The recently released volume of Susan Sontag’s diaries, As Consciousness Is Harnessed to Flesh: Journals and Notebooks, 1964-1980 (public library), was among the best psychology and philosophy books of 2012 and has already given us Sontag’s wisdom on writing, boredom, censorship, and aphorisms, her radical vision for remixing education, and her illustrated insights on love and art. In a characteristically self-reflexive entry from August 9, 1967, 34-year-old Sontag considers the allure of lists:

I perceive value, I confer value, I create value, I even create — or guarantee — existence. Hence, my compulsion to make “lists.” The things (Beethoven’s music, movies, business firms) won’t exist unless I signify my interest in them by at least noting down their names.

Nothing exists unless I maintain it (by my interest, or my potential interest). This is an ultimate, mostly subliminal anxiety. Hence, I must remain always, both in principle + actively, interested in everything. Taking all of knowledge as my province.

Nearly a decade later, on February 21, 1977, Sontag constructs an unusual list of her likes and dislikes, on the one hand unordered like a stream-of-consciousness meditation and on the other bearing the cyclical repetition and cadence of poetry:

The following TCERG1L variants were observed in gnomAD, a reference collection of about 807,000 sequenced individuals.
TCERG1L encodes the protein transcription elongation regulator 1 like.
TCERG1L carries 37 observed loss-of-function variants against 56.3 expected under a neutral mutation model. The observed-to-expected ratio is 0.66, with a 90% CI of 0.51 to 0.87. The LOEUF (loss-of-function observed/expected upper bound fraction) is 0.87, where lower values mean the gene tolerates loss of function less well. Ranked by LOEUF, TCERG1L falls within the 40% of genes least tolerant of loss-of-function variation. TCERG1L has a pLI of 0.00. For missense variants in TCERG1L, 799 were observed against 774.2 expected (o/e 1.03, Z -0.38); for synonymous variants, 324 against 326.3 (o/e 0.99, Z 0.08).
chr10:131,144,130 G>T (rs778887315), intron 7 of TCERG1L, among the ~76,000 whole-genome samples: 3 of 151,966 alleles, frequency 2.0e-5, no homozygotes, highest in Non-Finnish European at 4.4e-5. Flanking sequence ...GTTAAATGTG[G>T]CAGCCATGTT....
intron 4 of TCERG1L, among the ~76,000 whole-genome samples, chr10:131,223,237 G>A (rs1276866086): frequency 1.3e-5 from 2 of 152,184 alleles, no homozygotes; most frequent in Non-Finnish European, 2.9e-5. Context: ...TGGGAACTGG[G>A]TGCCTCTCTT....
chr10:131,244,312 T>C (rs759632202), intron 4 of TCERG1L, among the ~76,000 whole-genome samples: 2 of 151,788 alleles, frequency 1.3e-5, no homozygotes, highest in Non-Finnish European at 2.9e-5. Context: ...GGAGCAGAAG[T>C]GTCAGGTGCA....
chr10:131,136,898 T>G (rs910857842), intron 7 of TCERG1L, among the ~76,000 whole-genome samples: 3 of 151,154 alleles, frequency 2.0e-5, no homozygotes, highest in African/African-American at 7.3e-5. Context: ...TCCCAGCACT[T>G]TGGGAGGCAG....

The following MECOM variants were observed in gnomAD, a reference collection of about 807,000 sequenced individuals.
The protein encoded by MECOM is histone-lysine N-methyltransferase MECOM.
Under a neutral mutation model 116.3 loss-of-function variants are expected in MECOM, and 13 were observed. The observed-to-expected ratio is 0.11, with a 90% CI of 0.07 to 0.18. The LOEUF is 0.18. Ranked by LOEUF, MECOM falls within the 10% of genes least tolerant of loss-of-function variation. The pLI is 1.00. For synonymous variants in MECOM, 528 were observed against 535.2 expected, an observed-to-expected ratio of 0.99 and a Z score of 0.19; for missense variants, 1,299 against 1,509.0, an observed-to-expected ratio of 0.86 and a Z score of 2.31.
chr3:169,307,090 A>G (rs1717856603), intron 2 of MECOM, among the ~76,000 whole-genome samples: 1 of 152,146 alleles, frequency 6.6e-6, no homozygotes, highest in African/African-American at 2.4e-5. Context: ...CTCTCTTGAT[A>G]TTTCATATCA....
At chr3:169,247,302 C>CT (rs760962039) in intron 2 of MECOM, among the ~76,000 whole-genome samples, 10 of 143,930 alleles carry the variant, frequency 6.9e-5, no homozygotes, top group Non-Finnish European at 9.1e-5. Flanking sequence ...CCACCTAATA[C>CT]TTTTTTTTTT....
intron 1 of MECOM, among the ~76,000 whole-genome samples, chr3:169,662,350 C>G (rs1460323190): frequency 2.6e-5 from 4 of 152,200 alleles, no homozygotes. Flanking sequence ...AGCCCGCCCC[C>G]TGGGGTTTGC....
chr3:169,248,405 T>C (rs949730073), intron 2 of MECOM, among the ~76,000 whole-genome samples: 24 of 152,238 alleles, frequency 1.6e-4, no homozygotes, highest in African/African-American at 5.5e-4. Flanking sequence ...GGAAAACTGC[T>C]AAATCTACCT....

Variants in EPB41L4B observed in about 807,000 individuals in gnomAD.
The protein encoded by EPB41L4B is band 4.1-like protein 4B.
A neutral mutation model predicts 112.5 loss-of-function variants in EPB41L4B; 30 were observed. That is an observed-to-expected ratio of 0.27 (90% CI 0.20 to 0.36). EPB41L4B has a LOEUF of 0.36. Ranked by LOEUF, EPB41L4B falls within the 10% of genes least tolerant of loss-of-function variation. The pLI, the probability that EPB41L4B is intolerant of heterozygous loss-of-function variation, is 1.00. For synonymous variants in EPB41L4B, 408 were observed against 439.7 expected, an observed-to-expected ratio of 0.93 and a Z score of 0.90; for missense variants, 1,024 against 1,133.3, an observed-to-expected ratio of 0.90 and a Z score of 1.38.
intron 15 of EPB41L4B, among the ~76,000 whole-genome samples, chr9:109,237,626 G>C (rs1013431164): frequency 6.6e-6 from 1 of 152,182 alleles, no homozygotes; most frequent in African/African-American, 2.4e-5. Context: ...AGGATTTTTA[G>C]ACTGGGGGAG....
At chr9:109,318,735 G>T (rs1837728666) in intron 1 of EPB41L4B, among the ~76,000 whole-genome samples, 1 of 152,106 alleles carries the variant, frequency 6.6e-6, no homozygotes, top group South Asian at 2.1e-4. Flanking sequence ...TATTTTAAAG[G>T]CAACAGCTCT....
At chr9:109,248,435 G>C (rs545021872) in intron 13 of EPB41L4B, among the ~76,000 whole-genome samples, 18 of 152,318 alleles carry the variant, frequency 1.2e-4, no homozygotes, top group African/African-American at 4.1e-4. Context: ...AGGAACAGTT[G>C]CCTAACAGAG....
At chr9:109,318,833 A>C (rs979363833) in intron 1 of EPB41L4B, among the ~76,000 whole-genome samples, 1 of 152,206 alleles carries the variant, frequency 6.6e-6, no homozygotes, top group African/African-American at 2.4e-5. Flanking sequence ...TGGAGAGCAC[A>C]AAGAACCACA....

Things I like: fires, Venice, tequila, sunsets, babies, silent films, heights, coarse salt, top hats, large long-haired dogs, ship models, cinnamon, goose down quilts, pocket watches, the smell of newly mown grass, linen, Bach, Louis XIII furniture, sushi, microscopes, large rooms, ups, boots, drinking water, maple sugar candy.

Things I dislike: sleeping in an apartment alone, cold weather, couples, football games, swimming, anchovies, mustaches, cats, umbrellas, being photographed, the taste of licorice, washing my hair (or having it washed), wearing a wristwatch, giving a lecture, cigars, writing letters, taking showers, Robert Frost, German food.

Things I like: ivory, sweaters, architectural drawings, urinating, pizza (the Roman bread), staying in hotels, paper clips, the color blue, leather belts, making lists, Wagon-Lits, paying bills, caves, watching ice-skating, asking questions, taking taxis, Benin art, green apples, office furniture, Jews, eucalyptus trees, pen knives, aphorisms, hands.

Things I dislike: Television, baked beans, hirsute men, paperback books, standing, card games, dirty or disorderly apartments, flat pillows, being in the sun, Ezra Pound, freckles, violence in movies, having drops put in my eyes, meatloaf, painted nails, suicide, licking envelopes, ketchup, traversins [“bolsters”], nose drops, Coca-Cola, alcoholics, taking photographs.

Things I like: drums, carnations, socks, raw peas, chewing on sugar cane, bridges, Dürer, escalators, hot weather, sturgeon, tall people, deserts, white walls, horses, electric typewriters, cherries, wicker / rattan furniture, sitting cross-legged, stripes, large windows, fresh dill, reading aloud, going to bookstores, under-furnished rooms, dancing, Ariadne auf Naxos.

UPDATE: Reader Lynore Avery illustrates Sontag’s favorite things, reminiscent of Lisa Congdon’s illustrations of Gertrude Stein’s objects:

Complement this with Nabokov’s stream-of-consciousness rant on things he hates. And if you still haven’t treated yourself to As Consciousness Is Harnessed to Flesh, do yourself a favor.